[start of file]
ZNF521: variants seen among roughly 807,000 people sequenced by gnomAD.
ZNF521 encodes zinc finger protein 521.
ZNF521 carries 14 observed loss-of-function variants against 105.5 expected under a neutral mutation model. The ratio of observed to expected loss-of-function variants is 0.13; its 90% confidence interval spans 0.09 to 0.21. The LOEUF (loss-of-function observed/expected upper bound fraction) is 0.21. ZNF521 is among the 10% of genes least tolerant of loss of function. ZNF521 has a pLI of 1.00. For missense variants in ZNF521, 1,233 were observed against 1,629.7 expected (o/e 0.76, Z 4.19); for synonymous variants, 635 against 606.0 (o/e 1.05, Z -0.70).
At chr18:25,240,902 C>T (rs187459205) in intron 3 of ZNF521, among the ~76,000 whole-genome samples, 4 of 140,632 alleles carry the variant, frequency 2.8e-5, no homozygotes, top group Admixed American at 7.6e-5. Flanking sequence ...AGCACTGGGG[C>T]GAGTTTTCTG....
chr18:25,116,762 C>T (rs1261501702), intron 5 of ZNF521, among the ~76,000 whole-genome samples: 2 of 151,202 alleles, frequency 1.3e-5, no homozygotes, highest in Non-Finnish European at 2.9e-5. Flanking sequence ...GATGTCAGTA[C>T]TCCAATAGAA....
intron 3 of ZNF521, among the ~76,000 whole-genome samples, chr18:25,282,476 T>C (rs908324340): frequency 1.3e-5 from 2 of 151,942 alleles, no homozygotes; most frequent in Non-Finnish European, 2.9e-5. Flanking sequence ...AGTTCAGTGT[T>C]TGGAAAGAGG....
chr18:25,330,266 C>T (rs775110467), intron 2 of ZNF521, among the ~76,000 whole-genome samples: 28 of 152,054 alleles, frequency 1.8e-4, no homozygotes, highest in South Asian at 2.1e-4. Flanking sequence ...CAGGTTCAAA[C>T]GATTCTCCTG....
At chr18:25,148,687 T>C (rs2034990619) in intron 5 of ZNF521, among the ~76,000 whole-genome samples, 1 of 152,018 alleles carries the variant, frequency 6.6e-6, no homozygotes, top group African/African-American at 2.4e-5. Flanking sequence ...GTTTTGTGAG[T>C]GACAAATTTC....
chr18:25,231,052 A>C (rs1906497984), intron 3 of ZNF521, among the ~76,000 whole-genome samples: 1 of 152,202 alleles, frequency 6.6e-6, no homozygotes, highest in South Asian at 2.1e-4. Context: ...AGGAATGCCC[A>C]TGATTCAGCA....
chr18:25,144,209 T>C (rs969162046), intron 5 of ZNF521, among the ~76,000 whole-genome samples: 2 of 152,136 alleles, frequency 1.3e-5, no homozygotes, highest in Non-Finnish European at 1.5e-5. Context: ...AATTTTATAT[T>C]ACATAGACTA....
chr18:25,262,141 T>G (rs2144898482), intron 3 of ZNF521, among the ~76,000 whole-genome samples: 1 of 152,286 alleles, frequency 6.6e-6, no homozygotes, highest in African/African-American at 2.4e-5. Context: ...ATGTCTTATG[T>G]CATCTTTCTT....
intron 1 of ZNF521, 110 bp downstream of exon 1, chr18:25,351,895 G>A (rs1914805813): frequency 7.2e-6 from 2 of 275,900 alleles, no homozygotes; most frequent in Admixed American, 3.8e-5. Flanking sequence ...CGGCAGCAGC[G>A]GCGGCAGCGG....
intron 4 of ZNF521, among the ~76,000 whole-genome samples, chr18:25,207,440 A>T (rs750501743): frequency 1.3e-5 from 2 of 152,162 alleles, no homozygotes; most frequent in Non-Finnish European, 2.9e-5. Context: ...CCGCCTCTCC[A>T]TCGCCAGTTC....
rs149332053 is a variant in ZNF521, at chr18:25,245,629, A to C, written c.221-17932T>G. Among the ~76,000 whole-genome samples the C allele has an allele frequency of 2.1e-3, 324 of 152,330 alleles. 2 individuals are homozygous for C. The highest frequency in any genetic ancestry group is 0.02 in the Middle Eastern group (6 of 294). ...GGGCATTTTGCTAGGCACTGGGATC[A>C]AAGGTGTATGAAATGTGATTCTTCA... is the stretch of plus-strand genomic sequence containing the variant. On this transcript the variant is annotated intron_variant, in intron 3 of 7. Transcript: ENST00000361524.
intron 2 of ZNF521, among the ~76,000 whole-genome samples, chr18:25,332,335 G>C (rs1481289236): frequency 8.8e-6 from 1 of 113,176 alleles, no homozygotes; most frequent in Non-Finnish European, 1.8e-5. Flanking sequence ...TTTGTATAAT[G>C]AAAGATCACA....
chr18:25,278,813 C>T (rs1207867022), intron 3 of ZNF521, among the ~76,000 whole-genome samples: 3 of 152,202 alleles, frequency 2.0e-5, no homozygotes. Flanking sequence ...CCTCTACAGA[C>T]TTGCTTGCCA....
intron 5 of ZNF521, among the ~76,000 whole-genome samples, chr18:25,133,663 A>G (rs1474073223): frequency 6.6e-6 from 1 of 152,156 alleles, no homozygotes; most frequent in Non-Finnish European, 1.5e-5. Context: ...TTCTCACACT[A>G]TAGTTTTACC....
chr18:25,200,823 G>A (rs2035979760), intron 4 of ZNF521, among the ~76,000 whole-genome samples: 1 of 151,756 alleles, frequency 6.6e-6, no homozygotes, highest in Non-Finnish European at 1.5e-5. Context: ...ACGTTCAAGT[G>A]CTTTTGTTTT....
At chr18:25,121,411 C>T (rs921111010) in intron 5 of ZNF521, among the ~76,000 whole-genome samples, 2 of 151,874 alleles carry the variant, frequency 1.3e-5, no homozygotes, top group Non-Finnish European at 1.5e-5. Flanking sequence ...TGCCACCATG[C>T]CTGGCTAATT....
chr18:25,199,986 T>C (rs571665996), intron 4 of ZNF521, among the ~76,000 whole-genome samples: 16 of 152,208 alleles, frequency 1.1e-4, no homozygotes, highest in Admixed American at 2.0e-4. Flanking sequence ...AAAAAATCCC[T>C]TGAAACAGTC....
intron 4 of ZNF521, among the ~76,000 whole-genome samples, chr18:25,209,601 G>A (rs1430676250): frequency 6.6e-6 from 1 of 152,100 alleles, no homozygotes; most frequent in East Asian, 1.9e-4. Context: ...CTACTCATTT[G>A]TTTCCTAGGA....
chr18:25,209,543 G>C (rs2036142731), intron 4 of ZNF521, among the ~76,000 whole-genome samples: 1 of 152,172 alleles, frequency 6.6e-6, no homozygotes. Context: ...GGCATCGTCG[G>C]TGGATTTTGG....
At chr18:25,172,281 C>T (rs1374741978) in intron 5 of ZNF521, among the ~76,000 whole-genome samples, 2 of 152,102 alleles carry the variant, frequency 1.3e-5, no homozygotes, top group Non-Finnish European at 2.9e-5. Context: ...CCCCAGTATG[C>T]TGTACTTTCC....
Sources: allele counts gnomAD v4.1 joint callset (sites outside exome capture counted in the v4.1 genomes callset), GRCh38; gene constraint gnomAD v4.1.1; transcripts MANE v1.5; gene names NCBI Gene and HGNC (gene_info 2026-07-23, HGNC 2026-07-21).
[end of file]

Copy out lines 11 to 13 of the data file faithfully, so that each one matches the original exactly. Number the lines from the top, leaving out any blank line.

chr18:25,262,141 T>G (rs2144898482), intron 3 of ZNF521, among the ~76,000 whole-genome samples: 1 of 152,286 alleles, frequency 6.6e-6, no homozygotes, highest in African/African-American at 2.4e-5. Context: ...ATGTCTTATG[T>G]CATCTTTCTT....
intron 1 of ZNF521, 110 bp downstream of exon 1, chr18:25,351,895 G>A (rs1914805813): frequency 7.2e-6 from 2 of 275,900 alleles, no homozygotes; most frequent in Admixed American, 3.8e-5. Flanking sequence ...CGGCAGCAGC[G>A]GCGGCAGCGG....
intron 4 of ZNF521, among the ~76,000 whole-genome samples, chr18:25,207,440 A>T (rs750501743): frequency 1.3e-5 from 2 of 152,162 alleles, no homozygotes; most frequent in Non-Finnish European, 2.9e-5. Context: ...CCGCCTCTCC[A>T]TCGCCAGTTC....